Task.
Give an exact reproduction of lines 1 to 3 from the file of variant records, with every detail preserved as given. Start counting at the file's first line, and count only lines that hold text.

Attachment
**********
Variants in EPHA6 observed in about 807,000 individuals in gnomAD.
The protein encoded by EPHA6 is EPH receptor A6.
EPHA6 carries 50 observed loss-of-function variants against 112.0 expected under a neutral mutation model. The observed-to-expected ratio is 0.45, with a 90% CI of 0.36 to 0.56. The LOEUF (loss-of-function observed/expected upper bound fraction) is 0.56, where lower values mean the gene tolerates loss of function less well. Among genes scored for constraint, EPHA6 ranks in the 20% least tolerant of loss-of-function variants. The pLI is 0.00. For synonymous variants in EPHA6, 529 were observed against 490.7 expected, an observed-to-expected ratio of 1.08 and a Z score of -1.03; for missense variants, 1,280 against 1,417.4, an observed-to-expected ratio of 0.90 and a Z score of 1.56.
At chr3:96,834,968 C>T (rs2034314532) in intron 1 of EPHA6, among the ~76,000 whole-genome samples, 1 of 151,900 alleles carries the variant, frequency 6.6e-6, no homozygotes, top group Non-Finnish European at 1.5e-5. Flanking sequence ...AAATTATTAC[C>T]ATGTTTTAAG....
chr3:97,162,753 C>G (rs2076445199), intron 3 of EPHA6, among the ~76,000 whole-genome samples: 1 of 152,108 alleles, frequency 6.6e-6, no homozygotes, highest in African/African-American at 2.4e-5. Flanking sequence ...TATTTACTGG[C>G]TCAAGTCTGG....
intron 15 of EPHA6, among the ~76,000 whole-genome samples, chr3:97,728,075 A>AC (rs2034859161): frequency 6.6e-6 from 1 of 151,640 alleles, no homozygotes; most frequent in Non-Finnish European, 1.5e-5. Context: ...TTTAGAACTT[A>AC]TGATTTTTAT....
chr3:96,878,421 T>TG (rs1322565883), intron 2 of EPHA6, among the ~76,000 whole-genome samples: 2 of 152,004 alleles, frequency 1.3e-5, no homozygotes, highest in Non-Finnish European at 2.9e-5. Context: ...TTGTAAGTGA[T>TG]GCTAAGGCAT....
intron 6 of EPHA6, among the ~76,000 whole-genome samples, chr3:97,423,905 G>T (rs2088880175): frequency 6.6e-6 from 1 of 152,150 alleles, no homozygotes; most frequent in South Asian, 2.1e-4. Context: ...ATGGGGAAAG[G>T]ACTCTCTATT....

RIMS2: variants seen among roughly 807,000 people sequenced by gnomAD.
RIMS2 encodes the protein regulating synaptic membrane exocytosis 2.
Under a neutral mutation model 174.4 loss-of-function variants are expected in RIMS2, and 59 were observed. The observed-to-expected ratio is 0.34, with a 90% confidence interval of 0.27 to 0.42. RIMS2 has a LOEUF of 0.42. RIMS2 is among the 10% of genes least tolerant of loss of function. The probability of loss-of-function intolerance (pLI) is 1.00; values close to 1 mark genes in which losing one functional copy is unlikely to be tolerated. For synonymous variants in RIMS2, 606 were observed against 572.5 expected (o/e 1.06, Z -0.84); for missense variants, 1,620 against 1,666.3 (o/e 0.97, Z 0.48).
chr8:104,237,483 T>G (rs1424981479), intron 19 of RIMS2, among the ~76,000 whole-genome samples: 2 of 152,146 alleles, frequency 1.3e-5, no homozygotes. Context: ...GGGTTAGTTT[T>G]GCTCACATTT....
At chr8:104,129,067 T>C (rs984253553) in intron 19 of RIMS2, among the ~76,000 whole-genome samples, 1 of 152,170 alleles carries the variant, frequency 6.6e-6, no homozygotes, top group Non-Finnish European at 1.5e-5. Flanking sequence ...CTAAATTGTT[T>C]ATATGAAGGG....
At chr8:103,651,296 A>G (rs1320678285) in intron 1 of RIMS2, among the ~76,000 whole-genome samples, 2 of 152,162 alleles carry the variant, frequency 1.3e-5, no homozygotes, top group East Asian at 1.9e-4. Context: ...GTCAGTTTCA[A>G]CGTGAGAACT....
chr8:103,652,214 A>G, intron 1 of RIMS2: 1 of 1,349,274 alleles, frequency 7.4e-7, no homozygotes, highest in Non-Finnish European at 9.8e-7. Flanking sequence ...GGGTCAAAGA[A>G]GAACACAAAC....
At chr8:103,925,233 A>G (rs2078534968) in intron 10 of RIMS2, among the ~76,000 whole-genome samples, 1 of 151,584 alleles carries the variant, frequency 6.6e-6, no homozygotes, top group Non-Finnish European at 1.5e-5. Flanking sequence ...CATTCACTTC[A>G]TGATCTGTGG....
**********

Variants in EPHA6 observed in about 807,000 individuals in gnomAD.
The protein encoded by EPHA6 is EPH receptor A6.
EPHA6 carries 50 observed loss-of-function variants against 112.0 expected under a neutral mutation model. The observed-to-expected ratio is 0.45, with a 90% CI of 0.36 to 0.56. The LOEUF (loss-of-function observed/expected upper bound fraction) is 0.56, where lower values mean the gene tolerates loss of function less well. Among genes scored for constraint, EPHA6 ranks in the 20% least tolerant of loss-of-function variants. The pLI is 0.00. For synonymous variants in EPHA6, 529 were observed against 490.7 expected, an observed-to-expected ratio of 1.08 and a Z score of -1.03; for missense variants, 1,280 against 1,417.4, an observed-to-expected ratio of 0.90 and a Z score of 1.56.